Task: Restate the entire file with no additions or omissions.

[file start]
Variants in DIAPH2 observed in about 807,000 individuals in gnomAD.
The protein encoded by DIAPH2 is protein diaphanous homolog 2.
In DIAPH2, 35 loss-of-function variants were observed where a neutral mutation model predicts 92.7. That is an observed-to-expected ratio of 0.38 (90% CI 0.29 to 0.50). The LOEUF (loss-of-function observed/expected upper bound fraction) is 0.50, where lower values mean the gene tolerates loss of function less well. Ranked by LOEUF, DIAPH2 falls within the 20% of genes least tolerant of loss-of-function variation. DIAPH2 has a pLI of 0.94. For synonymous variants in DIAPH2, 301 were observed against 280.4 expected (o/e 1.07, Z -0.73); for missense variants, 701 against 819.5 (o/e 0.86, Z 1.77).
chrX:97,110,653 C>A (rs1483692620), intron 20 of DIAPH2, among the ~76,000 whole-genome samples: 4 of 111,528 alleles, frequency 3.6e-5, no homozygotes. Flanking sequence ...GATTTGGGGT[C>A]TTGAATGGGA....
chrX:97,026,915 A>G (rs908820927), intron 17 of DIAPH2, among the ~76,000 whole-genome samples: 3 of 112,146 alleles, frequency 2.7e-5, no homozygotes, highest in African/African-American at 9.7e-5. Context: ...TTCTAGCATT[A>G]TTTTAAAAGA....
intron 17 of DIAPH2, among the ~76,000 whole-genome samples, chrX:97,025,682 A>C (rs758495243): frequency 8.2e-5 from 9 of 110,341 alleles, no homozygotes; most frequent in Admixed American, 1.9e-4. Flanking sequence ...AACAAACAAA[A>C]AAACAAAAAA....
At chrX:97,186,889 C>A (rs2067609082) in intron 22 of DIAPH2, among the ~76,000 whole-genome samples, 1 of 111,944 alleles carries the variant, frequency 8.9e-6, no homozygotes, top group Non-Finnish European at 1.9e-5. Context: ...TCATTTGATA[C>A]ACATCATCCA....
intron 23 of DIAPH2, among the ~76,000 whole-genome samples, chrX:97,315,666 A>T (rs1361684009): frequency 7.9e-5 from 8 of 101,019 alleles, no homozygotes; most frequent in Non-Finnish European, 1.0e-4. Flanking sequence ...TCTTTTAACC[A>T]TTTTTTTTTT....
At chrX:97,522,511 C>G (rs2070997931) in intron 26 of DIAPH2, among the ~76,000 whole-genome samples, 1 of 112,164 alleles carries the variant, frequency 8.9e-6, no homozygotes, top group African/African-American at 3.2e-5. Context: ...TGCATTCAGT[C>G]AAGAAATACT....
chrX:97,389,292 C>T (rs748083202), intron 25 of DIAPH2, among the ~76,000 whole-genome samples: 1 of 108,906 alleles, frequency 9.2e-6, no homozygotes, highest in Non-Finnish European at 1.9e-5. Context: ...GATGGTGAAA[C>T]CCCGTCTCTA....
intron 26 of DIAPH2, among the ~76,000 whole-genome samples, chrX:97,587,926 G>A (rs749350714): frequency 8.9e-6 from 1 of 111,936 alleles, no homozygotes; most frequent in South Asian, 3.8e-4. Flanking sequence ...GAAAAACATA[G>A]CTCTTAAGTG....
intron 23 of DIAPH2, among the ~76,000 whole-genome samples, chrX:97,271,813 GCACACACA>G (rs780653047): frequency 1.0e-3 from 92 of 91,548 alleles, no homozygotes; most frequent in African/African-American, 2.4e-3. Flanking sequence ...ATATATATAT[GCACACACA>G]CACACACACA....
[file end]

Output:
Variants in DIAPH2 observed in about 807,000 individuals in gnomAD.
The protein encoded by DIAPH2 is protein diaphanous homolog 2.
In DIAPH2, 35 loss-of-function variants were observed where a neutral mutation model predicts 92.7. That is an observed-to-expected ratio of 0.38 (90% CI 0.29 to 0.50). The LOEUF (loss-of-function observed/expected upper bound fraction) is 0.50, where lower values mean the gene tolerates loss of function less well. Ranked by LOEUF, DIAPH2 falls within the 20% of genes least tolerant of loss-of-function variation. DIAPH2 has a pLI of 0.94. For synonymous variants in DIAPH2, 301 were observed against 280.4 expected (o/e 1.07, Z -0.73); for missense variants, 701 against 819.5 (o/e 0.86, Z 1.77).
chrX:97,110,653 C>A (rs1483692620), intron 20 of DIAPH2, among the ~76,000 whole-genome samples: 4 of 111,528 alleles, frequency 3.6e-5, no homozygotes. Flanking sequence ...GATTTGGGGT[C>A]TTGAATGGGA....
chrX:97,026,915 A>G (rs908820927), intron 17 of DIAPH2, among the ~76,000 whole-genome samples: 3 of 112,146 alleles, frequency 2.7e-5, no homozygotes, highest in African/African-American at 9.7e-5. Context: ...TTCTAGCATT[A>G]TTTTAAAAGA....
intron 17 of DIAPH2, among the ~76,000 whole-genome samples, chrX:97,025,682 A>C (rs758495243): frequency 8.2e-5 from 9 of 110,341 alleles, no homozygotes; most frequent in Admixed American, 1.9e-4. Flanking sequence ...AACAAACAAA[A>C]AAACAAAAAA....
At chrX:97,186,889 C>A (rs2067609082) in intron 22 of DIAPH2, among the ~76,000 whole-genome samples, 1 of 111,944 alleles carries the variant, frequency 8.9e-6, no homozygotes, top group Non-Finnish European at 1.9e-5. Context: ...TCATTTGATA[C>A]ACATCATCCA....
intron 23 of DIAPH2, among the ~76,000 whole-genome samples, chrX:97,315,666 A>T (rs1361684009): frequency 7.9e-5 from 8 of 101,019 alleles, no homozygotes; most frequent in Non-Finnish European, 1.0e-4. Flanking sequence ...TCTTTTAACC[A>T]TTTTTTTTTT....
At chrX:97,522,511 C>G (rs2070997931) in intron 26 of DIAPH2, among the ~76,000 whole-genome samples, 1 of 112,164 alleles carries the variant, frequency 8.9e-6, no homozygotes, top group African/African-American at 3.2e-5. Context: ...TGCATTCAGT[C>G]AAGAAATACT....
chrX:97,389,292 C>T (rs748083202), intron 25 of DIAPH2, among the ~76,000 whole-genome samples: 1 of 108,906 alleles, frequency 9.2e-6, no homozygotes, highest in Non-Finnish European at 1.9e-5. Context: ...GATGGTGAAA[C>T]CCCGTCTCTA....
intron 26 of DIAPH2, among the ~76,000 whole-genome samples, chrX:97,587,926 G>A (rs749350714): frequency 8.9e-6 from 1 of 111,936 alleles, no homozygotes; most frequent in South Asian, 3.8e-4. Flanking sequence ...GAAAAACATA[G>A]CTCTTAAGTG....
intron 23 of DIAPH2, among the ~76,000 whole-genome samples, chrX:97,271,813 GCACACACA>G (rs780653047): frequency 1.0e-3 from 92 of 91,548 alleles, no homozygotes; most frequent in African/African-American, 2.4e-3. Flanking sequence ...ATATATATAT[GCACACACA>G]CACACACACA....